In order to cook rice you need to combine rice, water, salt and butter. The salt and butter are optional, so only rice and water are essential. The proportions are generally two to one: two cups of water to one cup of rice.
Butter is an absolute flavor powerhouse and should be used to make rice taste more buttery and rich, which, in turn, makes other foods on the same dinner plate, taste that much better as well.
First, rinse the rice with cool water to remove some of the starch before adding it to the pot. Coat the rice cooker pan with a little oil or add it directly to the rice and water mixture.
Once the water is boiling, add in your rice. Stir it a couple of times to keep the grains from sticking together, but don't over-stir – once or twice should do it. TIP: add some butter (about 1 tbsp) to the pot when you add the rice.
Use olive oil to prevent stickiness
Not only will a teaspoon of nice olive oil add a wonderfully bright and earthy aroma to an otherwise plain grain, but it will also help keep your rice from becoming too sticky.
Rinsing the rice removes excess starch, which is what causes clumping. You can also add a touch of oil or butter to your pot to help prevent sticking even further.
Let the rice sit in the cooker for about 5-10 minutes after the machine tells you it's done. If you're in a hurry you can eat it now, but waiting lets the moisture evaporate a bit, and along with the heat, distribute evenly through the grains. Then open the lid, use a rice paddle to fluff it up a bit before serving.
Directions. Bring water, butter, and salt to a boil in medium saucepan. Stir in rice and return to a boil over medium-high heat. Reduce heat to a simmer, cover, and cook until rice is tender and has absorbed all the liquid, 16 to 18 minutes (check only toward end of cooking time).
Rice is like pasta—you have to salt the water, or else you'll have bland rice. I put a ½ tsp. to a tsp for each cup of rice."
What about substituting oil for butter? Depending on the type of oil, it can add complex flavor and welcome moisture to your baked goods. A good rule of thumb is to replace about 3/4 of the butter in a recipe with olive, canola, or vegetable oil (if the recipe calls for 1 cup butter, use ¾ cup oil).
First, rinse your rice under running water before transferring it to the rice cooker; this washes away excess starch and helps make the rice less sticky. Second, let the rice rest after cooking for at least 10 minutes with the lid on before serving.
Some people also like to add a small drizzle of oil or a pat of butter to help soften the rice and prevent sticking — this all depends on personal preference, so it's totally your call.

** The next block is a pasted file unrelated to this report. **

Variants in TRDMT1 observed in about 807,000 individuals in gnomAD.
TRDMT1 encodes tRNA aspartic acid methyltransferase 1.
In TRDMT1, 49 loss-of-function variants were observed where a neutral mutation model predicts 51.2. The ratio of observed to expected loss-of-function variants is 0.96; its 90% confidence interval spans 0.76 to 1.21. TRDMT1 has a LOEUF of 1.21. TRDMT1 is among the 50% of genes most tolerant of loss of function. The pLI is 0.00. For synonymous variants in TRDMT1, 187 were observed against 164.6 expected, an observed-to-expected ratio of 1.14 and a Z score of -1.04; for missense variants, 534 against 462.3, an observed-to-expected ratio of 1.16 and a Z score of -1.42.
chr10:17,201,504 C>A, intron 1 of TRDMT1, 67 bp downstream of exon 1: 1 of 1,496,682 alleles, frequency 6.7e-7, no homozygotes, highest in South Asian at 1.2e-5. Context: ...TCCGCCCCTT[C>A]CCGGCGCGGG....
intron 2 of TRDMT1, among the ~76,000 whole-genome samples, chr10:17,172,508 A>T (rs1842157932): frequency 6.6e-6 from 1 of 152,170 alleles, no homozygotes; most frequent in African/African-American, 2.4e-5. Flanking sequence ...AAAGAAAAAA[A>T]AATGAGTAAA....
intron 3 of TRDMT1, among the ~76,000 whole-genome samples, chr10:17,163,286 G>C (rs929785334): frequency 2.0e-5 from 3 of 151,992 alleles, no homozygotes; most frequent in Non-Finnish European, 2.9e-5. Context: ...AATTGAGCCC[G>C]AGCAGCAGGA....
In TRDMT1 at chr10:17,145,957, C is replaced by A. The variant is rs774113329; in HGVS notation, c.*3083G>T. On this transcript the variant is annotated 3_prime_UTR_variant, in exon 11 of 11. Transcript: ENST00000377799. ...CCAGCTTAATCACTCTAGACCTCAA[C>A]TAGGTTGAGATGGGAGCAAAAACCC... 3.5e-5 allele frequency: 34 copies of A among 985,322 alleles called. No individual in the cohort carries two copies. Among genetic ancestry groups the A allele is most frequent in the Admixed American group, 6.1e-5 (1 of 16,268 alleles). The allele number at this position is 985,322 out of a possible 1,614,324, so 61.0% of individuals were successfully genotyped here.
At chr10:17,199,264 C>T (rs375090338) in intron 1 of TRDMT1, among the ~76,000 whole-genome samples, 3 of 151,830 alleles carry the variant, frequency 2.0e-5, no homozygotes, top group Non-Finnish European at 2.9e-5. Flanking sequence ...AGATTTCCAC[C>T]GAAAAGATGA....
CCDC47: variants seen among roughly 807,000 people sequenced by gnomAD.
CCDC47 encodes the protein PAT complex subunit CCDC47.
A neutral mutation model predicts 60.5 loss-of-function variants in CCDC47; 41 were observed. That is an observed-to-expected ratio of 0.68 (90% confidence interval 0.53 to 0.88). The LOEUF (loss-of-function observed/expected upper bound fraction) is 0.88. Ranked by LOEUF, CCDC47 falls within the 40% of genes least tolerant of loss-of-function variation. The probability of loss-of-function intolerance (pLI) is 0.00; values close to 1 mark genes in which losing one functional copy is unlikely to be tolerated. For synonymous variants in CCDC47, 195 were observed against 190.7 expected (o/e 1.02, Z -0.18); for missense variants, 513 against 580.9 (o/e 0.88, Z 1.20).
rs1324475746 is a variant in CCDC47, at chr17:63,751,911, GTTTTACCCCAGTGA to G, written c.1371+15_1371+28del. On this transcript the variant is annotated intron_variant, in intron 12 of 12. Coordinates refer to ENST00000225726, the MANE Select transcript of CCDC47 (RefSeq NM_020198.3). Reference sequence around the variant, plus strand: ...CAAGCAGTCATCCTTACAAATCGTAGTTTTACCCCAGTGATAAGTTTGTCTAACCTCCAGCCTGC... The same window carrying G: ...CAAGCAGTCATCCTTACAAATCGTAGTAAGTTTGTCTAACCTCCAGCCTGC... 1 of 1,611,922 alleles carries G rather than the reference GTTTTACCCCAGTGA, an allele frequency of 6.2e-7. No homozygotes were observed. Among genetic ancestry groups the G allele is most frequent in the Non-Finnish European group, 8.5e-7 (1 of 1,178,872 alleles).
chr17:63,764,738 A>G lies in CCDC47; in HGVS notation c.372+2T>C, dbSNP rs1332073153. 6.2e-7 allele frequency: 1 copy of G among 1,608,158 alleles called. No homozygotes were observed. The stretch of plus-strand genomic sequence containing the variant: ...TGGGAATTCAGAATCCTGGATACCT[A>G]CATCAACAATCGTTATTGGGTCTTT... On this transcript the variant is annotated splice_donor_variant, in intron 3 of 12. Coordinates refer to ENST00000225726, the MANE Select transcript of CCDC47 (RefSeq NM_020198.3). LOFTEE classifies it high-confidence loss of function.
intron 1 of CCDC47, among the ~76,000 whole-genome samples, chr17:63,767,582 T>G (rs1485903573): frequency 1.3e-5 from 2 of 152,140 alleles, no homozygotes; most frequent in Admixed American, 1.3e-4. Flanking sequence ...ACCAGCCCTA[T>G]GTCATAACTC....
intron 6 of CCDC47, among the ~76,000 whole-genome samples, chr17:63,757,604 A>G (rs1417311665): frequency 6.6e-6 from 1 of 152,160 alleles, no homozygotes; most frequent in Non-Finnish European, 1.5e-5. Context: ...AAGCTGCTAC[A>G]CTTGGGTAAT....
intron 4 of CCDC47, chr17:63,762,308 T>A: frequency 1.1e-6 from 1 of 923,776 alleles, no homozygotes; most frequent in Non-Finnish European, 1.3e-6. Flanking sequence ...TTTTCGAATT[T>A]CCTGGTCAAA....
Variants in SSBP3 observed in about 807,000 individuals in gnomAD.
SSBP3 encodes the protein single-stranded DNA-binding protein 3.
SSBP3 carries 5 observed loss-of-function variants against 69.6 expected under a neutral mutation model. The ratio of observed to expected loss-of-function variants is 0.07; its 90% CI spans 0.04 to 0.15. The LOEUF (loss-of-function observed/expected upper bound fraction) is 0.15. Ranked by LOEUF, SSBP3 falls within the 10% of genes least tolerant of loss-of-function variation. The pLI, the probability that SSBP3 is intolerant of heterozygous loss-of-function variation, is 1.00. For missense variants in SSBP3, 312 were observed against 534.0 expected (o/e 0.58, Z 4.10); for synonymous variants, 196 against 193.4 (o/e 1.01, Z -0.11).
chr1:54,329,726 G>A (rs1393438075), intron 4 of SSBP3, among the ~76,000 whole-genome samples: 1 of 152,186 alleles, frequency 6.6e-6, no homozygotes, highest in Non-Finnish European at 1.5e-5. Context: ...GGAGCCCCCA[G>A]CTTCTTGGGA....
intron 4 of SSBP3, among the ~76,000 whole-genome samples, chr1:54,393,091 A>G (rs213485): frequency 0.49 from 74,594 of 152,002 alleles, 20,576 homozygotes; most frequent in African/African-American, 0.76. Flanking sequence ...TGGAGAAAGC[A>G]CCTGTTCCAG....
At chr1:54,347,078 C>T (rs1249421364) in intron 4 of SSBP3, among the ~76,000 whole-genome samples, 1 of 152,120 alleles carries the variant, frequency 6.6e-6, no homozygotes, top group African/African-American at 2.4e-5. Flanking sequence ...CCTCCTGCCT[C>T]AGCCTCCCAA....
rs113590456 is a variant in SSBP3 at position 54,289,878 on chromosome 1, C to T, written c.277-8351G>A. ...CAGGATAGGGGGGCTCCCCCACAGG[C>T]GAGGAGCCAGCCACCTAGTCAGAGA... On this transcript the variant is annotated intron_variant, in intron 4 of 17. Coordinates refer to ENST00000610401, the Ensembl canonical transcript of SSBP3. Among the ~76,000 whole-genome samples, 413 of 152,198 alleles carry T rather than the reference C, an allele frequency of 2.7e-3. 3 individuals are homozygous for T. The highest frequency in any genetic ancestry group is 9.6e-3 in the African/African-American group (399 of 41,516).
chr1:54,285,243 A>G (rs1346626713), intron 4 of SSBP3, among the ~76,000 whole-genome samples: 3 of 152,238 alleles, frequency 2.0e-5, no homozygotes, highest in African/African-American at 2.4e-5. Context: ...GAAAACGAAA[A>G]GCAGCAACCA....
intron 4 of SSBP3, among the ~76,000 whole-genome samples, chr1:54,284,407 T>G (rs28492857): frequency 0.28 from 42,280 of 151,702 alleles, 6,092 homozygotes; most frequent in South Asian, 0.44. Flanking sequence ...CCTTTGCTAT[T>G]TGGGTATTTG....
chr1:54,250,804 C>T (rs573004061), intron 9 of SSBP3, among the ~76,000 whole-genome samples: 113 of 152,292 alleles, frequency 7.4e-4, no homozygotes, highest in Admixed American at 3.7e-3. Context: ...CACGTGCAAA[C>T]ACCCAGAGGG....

Rinsing rice before cooking is a must to wash off excess starch. Otherwise, the cooked starch will create a sticky consistency, instead of the coveted fluffy, separate grains. For best results, rinse the rice under water until the water runs clear.
Mushy or soggy rice is simply overcooked rice that has absorbed too much water. Water over-absorption causes the rice grains to split open, ruining the texture and creating a starchy, gummy result.
If you want soft and fluffy rice, you should add the rice to cold water and bring it to boil. Use a tight-fitted lid. Use a good lid so the steam and moisture don't escape during the simmering cook time. Cook the rice on low heat.
Sticky rice gets its infamous stickiness from starch; or rather, one type of starch in particular. Other starchy foods contain two starch components—amylose and amylopectin. Sticky rice, however, is mostly amylopectin and while it does contain trace amounts of amylose, it's an insignificant amount.
Most recipes get it wrong because it's not widely known that jasmine rice is softer than most, so you need LESS water than normal white rice so it's fluffy rather than gummy. Use just 1 1/4 cups water for every 1 cup of jasmine rice (the standard for typical white rice is 1 1/2 cups water to 1 cup rice).
Like many other types of rice, jasmine rice is made up of two types of starches: amylose and amylopectin. The more amylose starches the rice has, the more separate the grains will be after cooking. Amylopectin starches gelatinize during the cooking process and contribute to the overall sticky texture of rice.
Add some butter, garlic, turmeric, cumin, and cinnamon to the rice cooker before you begin the cooking process, and replace the water with soup stock. If you have a few extra minutes, sautée the dry ingredients in a pan to enhance their flavours, then add them to the rice inside the cooker.
Adding olive oil to rice during the cooking process improves the texture of the rice while adding flavor and moisture. Add olive oil to the water before adding the rice.
Yes, just add the seasonings (garlic powder, thyme, crushed red pepper, and salt) to the rice maker along with the rice and water, then use the rice maker as you normally would.